at the outset of the litigation is the most efficient
procedure. Lovern v. Edwards, 190 F.3d 648, 654 (4th
is no presumption that a federal court has jurisdiction over
a case, Pinkley, Inc. v. City of Frederick, MD., 191
F.3d 394, 399 (4th Cir. 1999), and a plaintiff must allege
facts essential to show jurisdiction in his pleadings.
McNutt v. General Motors Acceptance Corp., 298 U.S.
178, 189 (1936); see also Dracos v. Hellenic Lines,
Ltd., 762 F.2d 348, 350 (4th Cir. 1985)
(“[P]laintiffs must affirmatively plead the
jurisdiction of the federal court.”). To this end,
Fed.R.Civ.P. 8(a)(1) requires that the complaint provide
“a short and plain statement of the grounds for the
court's jurisdiction[.]” When a complaint fails to
include “an affirmative pleading of a jurisdictional
basis, the federal court may find that it has jurisdiction if
the facts supporting jurisdiction have been clearly
pleaded.” Pinkley, 191 F.3d at 399 (citation
omitted). However, if the court, viewing the allegations in
the light most favorable to a plaintiff, finds insufficient
allegations in the pleadings, the court will lack subject
matter jurisdiction. Id; see also Holloway v.
Pagan River Dockside Seafood, Inc., 669 F.3d 448, 452-53
(4th Cir. 2012) (finding when the alleged federal claim is
“‘so insubstantial, implausible, foreclosed by
prior decisions of this Court, or otherwise completely devoid
of merit as not to involve a federal controversy,
'” then subject matter jurisdiction does not exist)
alleges the court has jurisdiction over her claims pursuant
to 28 U.S.C. §§ 1331, 1343, and 1367. “[A]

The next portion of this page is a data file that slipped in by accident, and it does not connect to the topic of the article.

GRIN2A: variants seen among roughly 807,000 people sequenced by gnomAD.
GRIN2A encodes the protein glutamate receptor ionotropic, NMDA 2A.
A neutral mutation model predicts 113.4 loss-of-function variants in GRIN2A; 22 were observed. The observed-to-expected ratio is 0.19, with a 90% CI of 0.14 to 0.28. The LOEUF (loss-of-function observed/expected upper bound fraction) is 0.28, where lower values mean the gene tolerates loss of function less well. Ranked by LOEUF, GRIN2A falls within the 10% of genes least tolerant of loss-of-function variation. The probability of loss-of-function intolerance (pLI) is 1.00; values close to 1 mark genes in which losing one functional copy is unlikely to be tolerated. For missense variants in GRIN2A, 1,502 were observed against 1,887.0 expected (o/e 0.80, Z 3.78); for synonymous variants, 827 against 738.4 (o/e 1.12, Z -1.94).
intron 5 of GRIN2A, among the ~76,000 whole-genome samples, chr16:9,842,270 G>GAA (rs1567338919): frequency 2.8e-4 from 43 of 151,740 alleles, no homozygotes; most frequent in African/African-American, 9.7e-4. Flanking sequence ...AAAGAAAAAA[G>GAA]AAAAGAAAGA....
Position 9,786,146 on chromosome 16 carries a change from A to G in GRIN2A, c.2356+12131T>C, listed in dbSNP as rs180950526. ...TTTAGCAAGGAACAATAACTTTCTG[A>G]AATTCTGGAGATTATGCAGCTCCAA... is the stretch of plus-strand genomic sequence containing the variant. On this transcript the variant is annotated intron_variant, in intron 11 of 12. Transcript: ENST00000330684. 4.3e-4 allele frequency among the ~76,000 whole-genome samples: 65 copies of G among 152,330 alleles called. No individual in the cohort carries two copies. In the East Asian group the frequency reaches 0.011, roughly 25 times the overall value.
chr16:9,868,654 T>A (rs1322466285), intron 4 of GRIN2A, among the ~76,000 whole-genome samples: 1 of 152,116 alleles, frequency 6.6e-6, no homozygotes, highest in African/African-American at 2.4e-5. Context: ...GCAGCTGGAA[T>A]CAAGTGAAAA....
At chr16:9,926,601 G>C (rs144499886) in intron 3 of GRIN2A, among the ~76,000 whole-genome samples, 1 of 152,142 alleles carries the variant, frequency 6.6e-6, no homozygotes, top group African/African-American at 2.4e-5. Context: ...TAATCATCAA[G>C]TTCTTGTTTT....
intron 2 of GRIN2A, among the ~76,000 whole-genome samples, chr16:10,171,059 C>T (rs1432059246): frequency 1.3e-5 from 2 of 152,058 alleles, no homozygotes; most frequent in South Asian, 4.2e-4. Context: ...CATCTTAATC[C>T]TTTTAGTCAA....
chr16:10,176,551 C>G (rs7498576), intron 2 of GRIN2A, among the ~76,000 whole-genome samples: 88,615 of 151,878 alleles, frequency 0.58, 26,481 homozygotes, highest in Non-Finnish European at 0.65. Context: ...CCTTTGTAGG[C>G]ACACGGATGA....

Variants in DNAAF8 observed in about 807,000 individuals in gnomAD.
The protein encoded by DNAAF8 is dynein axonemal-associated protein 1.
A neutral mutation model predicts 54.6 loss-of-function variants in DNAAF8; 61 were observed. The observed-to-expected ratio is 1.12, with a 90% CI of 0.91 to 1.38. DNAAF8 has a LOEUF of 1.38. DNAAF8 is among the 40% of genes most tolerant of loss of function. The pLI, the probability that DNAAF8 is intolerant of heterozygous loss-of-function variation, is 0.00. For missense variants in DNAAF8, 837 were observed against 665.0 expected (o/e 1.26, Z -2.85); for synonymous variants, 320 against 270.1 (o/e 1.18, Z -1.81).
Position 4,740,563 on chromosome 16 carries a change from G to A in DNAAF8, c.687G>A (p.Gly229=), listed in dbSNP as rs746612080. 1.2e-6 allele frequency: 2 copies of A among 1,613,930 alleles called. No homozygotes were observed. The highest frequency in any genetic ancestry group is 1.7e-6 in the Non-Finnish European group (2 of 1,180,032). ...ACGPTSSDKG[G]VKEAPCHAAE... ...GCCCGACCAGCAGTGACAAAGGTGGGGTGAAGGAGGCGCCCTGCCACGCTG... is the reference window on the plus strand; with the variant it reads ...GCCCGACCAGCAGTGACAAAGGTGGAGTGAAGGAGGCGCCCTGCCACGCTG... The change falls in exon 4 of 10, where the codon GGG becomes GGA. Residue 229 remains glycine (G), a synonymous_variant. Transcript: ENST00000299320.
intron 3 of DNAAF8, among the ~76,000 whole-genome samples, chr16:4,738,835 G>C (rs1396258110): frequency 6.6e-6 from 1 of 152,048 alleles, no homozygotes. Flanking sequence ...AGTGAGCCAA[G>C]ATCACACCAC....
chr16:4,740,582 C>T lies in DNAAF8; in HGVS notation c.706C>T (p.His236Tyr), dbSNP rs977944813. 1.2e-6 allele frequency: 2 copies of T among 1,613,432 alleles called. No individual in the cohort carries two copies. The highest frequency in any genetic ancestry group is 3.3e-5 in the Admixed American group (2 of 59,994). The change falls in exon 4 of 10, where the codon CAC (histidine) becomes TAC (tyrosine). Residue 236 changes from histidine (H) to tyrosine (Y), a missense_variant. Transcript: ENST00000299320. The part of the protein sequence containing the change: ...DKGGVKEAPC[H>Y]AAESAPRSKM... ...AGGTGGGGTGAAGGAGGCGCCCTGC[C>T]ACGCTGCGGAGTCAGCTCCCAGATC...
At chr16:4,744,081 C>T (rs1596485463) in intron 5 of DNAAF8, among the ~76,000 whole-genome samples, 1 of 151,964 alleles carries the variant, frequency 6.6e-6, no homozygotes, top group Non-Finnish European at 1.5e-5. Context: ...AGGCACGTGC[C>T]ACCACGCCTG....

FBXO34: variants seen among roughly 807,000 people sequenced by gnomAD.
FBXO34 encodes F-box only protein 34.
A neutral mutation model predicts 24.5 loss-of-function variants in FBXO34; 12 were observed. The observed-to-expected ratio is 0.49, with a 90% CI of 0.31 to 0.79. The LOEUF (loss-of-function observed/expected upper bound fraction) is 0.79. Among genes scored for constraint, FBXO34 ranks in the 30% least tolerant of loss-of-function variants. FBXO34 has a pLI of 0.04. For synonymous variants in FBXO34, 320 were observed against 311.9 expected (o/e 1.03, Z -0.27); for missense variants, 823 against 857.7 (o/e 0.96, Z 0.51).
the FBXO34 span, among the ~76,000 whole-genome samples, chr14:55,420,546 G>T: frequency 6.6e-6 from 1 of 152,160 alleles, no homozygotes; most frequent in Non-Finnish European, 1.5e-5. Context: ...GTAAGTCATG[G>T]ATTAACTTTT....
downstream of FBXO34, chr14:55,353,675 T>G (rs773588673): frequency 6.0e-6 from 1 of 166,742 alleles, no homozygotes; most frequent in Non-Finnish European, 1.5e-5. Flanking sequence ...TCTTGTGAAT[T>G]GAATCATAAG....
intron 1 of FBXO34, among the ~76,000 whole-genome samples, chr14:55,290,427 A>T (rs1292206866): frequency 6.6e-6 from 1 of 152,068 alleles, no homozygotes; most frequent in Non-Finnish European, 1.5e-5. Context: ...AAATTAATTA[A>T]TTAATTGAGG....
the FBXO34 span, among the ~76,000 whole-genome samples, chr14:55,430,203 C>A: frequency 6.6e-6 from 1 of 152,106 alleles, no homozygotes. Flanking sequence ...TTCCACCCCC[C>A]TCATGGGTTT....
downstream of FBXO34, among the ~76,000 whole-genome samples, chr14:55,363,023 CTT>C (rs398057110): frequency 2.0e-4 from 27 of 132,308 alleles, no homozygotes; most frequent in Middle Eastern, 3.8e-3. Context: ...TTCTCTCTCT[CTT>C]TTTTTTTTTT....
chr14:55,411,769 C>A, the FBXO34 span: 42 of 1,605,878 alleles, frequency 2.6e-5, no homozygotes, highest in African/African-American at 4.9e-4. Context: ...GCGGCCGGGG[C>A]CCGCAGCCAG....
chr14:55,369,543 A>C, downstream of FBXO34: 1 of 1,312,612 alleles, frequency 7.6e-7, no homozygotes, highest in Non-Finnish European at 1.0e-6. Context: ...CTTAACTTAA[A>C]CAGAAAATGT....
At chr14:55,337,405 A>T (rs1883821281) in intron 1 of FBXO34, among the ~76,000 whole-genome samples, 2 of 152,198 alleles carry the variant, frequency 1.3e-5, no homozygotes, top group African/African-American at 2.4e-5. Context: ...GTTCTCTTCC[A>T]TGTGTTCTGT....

claim of federal question jurisdiction is to be resolved on
the basis of the allegations of the complaint itself.”
Burgess v. Charlottesville Sav. and Loan Ass'n,
477 F.2d 40, 43 (4th Cir. 1973). Therefore, a complaint must
“contain allegations ‘affirmatively and
distinctly' establishing federal grounds ‘not in
mere form, but in substance' and ‘not in mere
assertion, but in essence and effect.'”
Id. (citing Cuyahoga Co. v. Northern Ohio
Co., 252 U.S. 388, 397 (1920)). “[T]he mere
assertion in a pleading that the case is one involving the
construction or application of the federal laws does not
authorize the District Court to entertain the suit.”
Malone v. Gardner, 62 F.2d 15, 18 (4th Cir. 1932).
alleges defendants forged (1) a substitution of attorney and
(2) the Broad Acres deed in violation of 18 U.S.C. § 505
(prohibiting the forging of a judicial signature) and §
495 (prohibiting the act of forging a writing for the purpose
of obtaining or receiving a sum of money from the United
States or its officers or agents). [ECF No. 1 at 5-8].
Inasmuch as Plaintiff attempts to establish federal
jurisdiction in this civil lawsuit based on Title 18 of the
U.S. Code, which delineates crimes and criminal procedure,
she fails. The government enforces criminal statutes within
criminal cases, and individuals in civil cases cannot enforce
criminal statutes. Lopez v. Robinson, 914 F.2d 486,
494 (4th Cir. 1990) (“No citizen has an enforceable
right to institute a criminal prosecution.”). A
“private citizen lacks a judicially cognizable interest
in the prosecution or nonprosecution of another, ” so a
criminal statute that only establishes a crime and ...